HHS published two Notices of Proposed Rulemaking (NPRM) a few weeks ago relating to developing a framework for Insurance Exchanges. The first rule serves as a basis for the creation of state-based competitive marketplaces. The second rule addresses standards related to reinsurance, risk corridors, and risk adjustment to ensure stability in the insurance marketplace once the Exchange is offered. The rules are being touted by the administration as promoting state flexibility, while creating a level and transparent playing field driving down costs and ensuring quality.
States will have the option of determining how to establish their Exchange. Only one Exchange may operate in one geographic area, but states may establish more than one Exchange. For example, they could have a regional Exchange with another state that encompasses a major metropolitan area, but also a local Exchange that services the remainder of the state. Or, a state may choose to offer two Exchanges, one for the northern part of the state and one for the south, just as long as they do not overlap.
The state also has options regarding governance. An Exchange must be a governmental or non-profit entity that has the flexibility to design and oversee the program. This could be an existing state executive branch agency or an independent agency as well as a new or existing non-profit organization or corporation established by the state. If a state chooses not to run the Exchange through an administrative agency, the rules propose that the entity should be administered under a formal, publicly-adopted operating charter or by-laws, hold regular public meetings, and offer opportunity for public comment as well as disclosure of financial interests for board members. Additionally, the state may choose to operate the Exchange in partnership with the federal government—which essentially means they can elect not to administer their own Exchange—or can allow the feds to administer a portion of certain functions, such as enrollment.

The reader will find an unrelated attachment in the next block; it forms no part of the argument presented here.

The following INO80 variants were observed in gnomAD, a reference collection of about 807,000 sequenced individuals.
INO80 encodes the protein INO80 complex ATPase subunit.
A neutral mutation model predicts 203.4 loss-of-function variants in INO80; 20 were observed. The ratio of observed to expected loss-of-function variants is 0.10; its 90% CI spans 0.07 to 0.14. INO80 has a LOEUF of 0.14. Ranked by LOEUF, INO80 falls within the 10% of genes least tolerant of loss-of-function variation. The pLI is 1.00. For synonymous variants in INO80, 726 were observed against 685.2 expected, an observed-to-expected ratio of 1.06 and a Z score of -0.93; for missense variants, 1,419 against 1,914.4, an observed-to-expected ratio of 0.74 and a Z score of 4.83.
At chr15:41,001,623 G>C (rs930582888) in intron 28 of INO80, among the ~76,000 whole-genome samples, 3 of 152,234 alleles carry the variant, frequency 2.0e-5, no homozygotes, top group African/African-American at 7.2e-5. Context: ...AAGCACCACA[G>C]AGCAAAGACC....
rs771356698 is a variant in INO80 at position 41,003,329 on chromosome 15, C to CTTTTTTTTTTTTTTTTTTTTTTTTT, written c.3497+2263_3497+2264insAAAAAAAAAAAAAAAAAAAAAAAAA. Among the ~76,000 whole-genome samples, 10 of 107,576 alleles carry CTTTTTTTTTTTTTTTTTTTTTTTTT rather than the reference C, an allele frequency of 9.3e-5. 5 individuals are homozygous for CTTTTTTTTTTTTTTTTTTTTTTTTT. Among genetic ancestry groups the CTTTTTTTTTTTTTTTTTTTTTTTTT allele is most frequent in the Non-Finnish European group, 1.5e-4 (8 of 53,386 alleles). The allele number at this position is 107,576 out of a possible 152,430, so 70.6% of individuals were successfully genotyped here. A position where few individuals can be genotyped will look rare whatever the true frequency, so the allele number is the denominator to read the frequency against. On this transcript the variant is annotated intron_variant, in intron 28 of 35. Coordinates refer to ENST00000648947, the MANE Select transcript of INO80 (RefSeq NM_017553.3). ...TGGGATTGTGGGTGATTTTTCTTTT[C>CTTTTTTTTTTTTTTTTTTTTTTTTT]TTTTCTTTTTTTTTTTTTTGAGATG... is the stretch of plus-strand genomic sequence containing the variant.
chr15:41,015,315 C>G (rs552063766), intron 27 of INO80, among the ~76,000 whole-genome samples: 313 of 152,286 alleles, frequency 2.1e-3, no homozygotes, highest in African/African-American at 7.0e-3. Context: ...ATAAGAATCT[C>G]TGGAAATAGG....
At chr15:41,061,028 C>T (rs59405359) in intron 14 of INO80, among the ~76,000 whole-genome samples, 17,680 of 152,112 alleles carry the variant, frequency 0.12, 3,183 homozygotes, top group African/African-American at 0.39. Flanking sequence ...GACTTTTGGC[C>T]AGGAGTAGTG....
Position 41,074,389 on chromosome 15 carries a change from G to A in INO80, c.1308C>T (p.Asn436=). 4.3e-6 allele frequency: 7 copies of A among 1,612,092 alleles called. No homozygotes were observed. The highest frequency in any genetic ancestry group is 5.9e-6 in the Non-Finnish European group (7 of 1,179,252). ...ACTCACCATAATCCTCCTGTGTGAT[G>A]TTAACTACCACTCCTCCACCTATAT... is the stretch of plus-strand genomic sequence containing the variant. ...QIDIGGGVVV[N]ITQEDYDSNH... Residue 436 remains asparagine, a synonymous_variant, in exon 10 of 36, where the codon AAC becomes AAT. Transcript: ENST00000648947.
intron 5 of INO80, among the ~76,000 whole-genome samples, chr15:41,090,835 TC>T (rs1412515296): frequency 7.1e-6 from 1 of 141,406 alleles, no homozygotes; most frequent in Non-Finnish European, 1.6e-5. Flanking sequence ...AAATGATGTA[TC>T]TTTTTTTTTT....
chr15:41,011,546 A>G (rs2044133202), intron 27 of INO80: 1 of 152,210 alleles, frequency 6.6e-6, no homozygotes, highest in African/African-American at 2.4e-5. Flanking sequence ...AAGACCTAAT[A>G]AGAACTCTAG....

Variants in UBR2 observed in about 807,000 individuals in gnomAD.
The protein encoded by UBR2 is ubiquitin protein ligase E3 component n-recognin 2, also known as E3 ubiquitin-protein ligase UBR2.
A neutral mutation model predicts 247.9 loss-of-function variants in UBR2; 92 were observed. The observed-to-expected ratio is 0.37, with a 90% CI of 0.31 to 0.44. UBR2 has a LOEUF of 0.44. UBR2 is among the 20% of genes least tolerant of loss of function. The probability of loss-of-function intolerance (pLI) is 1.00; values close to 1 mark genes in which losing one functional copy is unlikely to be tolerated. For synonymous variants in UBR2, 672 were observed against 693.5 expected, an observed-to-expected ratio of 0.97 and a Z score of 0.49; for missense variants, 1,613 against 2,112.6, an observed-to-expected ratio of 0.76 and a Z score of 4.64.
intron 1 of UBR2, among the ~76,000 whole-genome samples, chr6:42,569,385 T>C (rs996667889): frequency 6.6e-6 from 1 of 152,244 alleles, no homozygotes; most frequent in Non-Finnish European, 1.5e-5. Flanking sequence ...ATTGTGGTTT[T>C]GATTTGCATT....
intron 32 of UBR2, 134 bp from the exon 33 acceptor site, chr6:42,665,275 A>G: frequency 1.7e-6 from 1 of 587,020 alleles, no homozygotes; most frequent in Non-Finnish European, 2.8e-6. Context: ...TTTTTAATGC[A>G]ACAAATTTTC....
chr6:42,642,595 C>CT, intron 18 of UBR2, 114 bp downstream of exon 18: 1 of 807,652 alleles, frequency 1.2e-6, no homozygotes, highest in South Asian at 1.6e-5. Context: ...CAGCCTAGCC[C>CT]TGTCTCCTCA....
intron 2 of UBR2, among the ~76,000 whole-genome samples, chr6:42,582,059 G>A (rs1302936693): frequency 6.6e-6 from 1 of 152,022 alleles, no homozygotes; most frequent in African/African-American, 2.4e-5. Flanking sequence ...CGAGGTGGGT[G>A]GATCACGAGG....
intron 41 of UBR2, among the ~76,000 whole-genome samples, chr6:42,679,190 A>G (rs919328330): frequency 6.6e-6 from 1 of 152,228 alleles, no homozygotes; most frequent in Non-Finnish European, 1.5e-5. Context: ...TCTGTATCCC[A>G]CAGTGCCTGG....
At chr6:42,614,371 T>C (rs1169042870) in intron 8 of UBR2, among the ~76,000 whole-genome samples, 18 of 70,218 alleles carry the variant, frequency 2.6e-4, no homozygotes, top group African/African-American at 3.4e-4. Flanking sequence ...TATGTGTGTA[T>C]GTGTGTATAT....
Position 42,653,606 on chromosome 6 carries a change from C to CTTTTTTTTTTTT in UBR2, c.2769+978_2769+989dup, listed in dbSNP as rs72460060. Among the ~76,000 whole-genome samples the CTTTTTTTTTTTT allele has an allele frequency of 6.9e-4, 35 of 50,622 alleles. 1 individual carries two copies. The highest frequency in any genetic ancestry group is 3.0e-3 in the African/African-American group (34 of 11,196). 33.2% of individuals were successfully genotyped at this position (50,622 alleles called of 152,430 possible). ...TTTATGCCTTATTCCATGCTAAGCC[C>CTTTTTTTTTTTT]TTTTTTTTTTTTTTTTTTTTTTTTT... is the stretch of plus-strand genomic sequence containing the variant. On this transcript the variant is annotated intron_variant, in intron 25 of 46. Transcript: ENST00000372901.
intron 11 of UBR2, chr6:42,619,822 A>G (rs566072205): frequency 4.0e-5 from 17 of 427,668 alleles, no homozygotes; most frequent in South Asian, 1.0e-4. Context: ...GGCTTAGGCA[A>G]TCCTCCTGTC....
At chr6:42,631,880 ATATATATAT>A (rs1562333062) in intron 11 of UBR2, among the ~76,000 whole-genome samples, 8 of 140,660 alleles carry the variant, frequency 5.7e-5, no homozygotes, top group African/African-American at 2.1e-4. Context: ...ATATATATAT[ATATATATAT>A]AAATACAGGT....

While each state can establish the Exchange in various ways, there is a core set of functions a state will be required to perform. Each Exchange must certify health plans as Qualified Health Plans (QHPs), operate a website to facilitate plan comparisons, manage toll-free hotlines and provide grant funding for “navigator” organizations that help people access coverage and facilitate enrollment in health plans. States will also be required to assign quality ratings to plans and standardize consumer information. In addition, the Exchange must also create an electronic calculator to allow consumers to assess the cost of their coverage. The website should also allow individuals to determine eligibility for the Exchange, including tax credits and cost-sharing reductions for private insurance, as well as to determine exemption from requirements on individuals carrying health insurance.
States must also establish the Small Business Health Options Program (SHOP), which is a market place for small businesses and their employees. The SHOP program will allow employers to determine what tier of coverage they will provide for their workers. Businesses can offer multiple tiers, just one tier or plan, or a mixture of both, but still only receive one bill and write one check for their employees’ coverage. In addition to providing the structure of choices for small businesses, states are responsible for determining the size of business that can participate in the program.